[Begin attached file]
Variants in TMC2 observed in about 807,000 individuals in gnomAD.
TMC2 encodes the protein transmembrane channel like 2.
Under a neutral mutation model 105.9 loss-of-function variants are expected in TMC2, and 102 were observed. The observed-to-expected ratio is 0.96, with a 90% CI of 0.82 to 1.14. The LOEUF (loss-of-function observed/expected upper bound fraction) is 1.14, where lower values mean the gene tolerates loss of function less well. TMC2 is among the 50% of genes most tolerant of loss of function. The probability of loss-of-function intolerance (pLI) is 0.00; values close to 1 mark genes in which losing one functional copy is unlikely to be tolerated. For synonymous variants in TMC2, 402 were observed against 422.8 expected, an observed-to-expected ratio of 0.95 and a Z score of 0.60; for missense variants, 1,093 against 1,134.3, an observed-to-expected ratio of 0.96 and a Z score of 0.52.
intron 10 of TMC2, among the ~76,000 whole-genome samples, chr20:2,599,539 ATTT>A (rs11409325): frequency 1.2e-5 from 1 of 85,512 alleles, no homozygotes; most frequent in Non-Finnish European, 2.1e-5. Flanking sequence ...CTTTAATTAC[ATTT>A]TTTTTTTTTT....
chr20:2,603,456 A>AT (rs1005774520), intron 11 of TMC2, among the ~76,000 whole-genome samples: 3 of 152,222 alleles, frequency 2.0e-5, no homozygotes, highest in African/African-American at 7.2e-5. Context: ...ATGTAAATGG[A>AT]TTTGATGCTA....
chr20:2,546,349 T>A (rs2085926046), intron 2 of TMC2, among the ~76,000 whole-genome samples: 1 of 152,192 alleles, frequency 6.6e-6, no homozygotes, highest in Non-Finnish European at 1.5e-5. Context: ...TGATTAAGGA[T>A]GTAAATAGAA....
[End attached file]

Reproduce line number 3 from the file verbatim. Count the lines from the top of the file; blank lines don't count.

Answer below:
Under a neutral mutation model 105.9 loss-of-function variants are expected in TMC2, and 102 were observed. The observed-to-expected ratio is 0.96, with a 90% CI of 0.82 to 1.14. The LOEUF (loss-of-function observed/expected upper bound fraction) is 1.14, where lower values mean the gene tolerates loss of function less well. TMC2 is among the 50% of genes most tolerant of loss of function. The probability of loss-of-function intolerance (pLI) is 0.00; values close to 1 mark genes in which losing one functional copy is unlikely to be tolerated. For synonymous variants in TMC2, 402 were observed against 422.8 expected, an observed-to-expected ratio of 0.95 and a Z score of 0.60; for missense variants, 1,093 against 1,134.3, an observed-to-expected ratio of 0.96 and a Z score of 0.52.